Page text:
Harkin made an impact on Canadian tourism through changing automobile regulations and increasing road development to parks. In 1905, the Federal Government passed legislation banning the use of automobiles on any road near or within prescribed limits of Banff National Park. Parks had previously been reserved for the exclusive use of railway travelers to protect the railroad monopoly and interests. Harkin held no ties to the railroad industry or those businesses that benefited from their protection. He viewed the predominant usage of automobiles as an opportunity for national park’s to gain commercial success. In 1911, Harkin cancelled the prohibition on automobiles in parks and introduced motor vehicle legislation: 25 cent registration and speed limits (8 MPH in townsites; 15 MPH elsewhere). This was not an open invitation to motorists as strict limitations still existed: cars had to travel from Calgary on the Calgary-Banff Coach Road and strictly follow Banff Avenue and Spray Avenue to the CPR’s Banff Springs Hotel. In 1913, Harkin allowed automobiles to visit golf courses and private homes. He introduced a $5 annual license and a $1 single trip fee for using cars within parks. By 1915, these regulations extended to include all national parks. In 1919, he increased the speed limit to 25 MPH.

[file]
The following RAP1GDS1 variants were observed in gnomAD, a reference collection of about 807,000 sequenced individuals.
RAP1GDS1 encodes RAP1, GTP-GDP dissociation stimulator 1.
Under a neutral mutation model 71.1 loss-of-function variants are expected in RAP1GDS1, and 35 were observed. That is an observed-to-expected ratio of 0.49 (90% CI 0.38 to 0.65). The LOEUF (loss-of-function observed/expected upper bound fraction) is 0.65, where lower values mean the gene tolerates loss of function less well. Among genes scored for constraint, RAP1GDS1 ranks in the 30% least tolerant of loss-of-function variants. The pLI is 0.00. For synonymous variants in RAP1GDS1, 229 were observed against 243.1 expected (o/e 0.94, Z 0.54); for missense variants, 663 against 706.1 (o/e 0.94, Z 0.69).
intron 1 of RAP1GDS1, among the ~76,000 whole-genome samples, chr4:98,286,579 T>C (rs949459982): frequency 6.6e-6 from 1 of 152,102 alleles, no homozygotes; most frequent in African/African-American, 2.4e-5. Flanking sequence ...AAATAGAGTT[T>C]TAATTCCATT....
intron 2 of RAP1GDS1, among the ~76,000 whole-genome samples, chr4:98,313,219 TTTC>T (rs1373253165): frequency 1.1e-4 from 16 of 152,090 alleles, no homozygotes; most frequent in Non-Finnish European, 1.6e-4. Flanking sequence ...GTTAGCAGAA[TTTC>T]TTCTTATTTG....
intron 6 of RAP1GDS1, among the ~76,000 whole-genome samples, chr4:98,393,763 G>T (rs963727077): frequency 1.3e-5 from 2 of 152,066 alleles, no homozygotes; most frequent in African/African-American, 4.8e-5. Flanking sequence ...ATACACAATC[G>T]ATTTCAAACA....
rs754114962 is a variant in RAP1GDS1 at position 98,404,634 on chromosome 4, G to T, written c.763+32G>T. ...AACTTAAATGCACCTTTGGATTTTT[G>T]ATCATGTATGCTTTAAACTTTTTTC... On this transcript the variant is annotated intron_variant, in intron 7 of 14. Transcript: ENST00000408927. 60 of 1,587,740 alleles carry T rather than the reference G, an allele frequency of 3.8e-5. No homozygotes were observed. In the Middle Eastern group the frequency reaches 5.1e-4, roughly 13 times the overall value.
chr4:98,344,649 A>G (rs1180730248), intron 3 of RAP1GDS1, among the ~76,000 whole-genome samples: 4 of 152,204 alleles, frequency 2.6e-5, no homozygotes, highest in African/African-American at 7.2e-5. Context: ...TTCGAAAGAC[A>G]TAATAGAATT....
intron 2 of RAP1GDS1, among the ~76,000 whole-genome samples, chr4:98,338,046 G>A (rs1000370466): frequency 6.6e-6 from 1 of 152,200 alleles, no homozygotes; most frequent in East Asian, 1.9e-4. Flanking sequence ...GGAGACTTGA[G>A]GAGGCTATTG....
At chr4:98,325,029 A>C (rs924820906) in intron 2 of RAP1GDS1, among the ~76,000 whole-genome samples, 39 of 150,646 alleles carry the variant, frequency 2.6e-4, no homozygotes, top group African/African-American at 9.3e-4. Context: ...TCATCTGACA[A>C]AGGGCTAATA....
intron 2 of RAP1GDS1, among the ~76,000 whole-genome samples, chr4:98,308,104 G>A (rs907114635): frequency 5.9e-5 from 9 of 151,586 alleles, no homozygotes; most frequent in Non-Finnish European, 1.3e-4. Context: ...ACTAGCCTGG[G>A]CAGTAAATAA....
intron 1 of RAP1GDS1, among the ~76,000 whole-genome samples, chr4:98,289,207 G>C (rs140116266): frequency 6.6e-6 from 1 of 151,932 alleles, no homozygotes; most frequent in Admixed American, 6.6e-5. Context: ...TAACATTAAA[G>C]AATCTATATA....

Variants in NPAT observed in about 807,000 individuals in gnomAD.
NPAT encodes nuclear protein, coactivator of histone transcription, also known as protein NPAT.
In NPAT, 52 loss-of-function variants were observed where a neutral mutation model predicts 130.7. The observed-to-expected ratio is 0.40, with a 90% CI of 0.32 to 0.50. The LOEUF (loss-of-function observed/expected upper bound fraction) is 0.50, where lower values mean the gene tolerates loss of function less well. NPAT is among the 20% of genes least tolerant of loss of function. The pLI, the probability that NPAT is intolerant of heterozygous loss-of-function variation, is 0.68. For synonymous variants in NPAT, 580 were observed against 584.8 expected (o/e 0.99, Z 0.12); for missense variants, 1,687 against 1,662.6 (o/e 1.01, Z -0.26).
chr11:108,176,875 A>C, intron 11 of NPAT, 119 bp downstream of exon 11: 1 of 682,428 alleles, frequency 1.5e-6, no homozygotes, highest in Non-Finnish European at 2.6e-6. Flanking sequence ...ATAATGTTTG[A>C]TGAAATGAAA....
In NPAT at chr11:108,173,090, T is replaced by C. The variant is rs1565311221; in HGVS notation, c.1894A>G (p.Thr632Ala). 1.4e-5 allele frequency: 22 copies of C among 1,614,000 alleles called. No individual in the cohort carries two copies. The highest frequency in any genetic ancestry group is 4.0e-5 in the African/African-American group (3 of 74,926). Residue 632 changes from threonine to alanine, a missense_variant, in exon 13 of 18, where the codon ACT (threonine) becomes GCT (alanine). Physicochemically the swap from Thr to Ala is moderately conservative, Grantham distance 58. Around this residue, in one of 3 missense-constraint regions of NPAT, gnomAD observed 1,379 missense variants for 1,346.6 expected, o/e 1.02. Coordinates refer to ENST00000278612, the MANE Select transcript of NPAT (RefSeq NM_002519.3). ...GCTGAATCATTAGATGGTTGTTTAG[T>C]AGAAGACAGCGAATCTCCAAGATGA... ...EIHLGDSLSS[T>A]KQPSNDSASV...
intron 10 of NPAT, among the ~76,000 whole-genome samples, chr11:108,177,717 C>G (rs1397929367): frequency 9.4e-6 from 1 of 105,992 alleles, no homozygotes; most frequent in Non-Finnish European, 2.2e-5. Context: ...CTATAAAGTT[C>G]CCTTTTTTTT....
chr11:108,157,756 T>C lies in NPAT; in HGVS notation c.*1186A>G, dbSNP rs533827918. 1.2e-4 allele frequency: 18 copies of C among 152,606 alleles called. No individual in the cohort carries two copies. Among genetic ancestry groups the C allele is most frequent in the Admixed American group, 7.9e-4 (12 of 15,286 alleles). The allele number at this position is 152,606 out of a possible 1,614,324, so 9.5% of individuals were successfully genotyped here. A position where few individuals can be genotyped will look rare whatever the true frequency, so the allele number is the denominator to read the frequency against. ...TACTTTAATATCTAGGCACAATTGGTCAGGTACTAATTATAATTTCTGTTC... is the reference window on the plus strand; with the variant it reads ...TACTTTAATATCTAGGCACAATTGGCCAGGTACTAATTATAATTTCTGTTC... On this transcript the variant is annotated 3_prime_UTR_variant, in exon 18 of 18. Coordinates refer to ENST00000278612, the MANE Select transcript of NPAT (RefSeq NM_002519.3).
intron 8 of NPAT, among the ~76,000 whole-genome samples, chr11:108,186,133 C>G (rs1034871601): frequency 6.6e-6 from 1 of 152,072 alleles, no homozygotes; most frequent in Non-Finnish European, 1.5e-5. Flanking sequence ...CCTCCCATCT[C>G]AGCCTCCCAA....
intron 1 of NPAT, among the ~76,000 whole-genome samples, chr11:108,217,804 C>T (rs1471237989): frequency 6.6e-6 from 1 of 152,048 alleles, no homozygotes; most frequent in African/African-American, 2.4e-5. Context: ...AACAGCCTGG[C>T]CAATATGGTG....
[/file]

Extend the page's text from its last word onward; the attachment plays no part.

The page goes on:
Harkin identified road development as another measure to increase the profitability of tourism and national parks. His goal was to make the scenery of the Canadian Rockies accessible to automobile traffic through first class motor roads into and through parks. With adequate roads through mountains, there would be increased traffic and significant spending from auto-tourists. The Calgary-Banff Coach Road, completed in 1911, absorbed a significant portion of the Parks budget for years. With no allegiance to the railroad and its dependants, Harkin increased road development and continued to increase accessibility of automobiles into parks. Under Harkin’s tenure as commissioner, major roads such as the Banff-Windermere Highway, Edmonton-Jasper-Banff Highway, and the Kicking Horse Trail were built. By 1930, around 400 miles of parks roads were built, with 145 miles servicing the Rocky Mountain Parks.
After World War I, low priced automobiles and suitable roads made parks more accessible. Automobiles increased Canadian attendance to national parks: 100,000 in 1921, 250,000 in 1925, and 550,000 in 1928. This stimulated business for small tourist shops, service stations, grocery stores, and motels along Canadian highways. The small business sector in Canada grew with the increased tourism to national parks.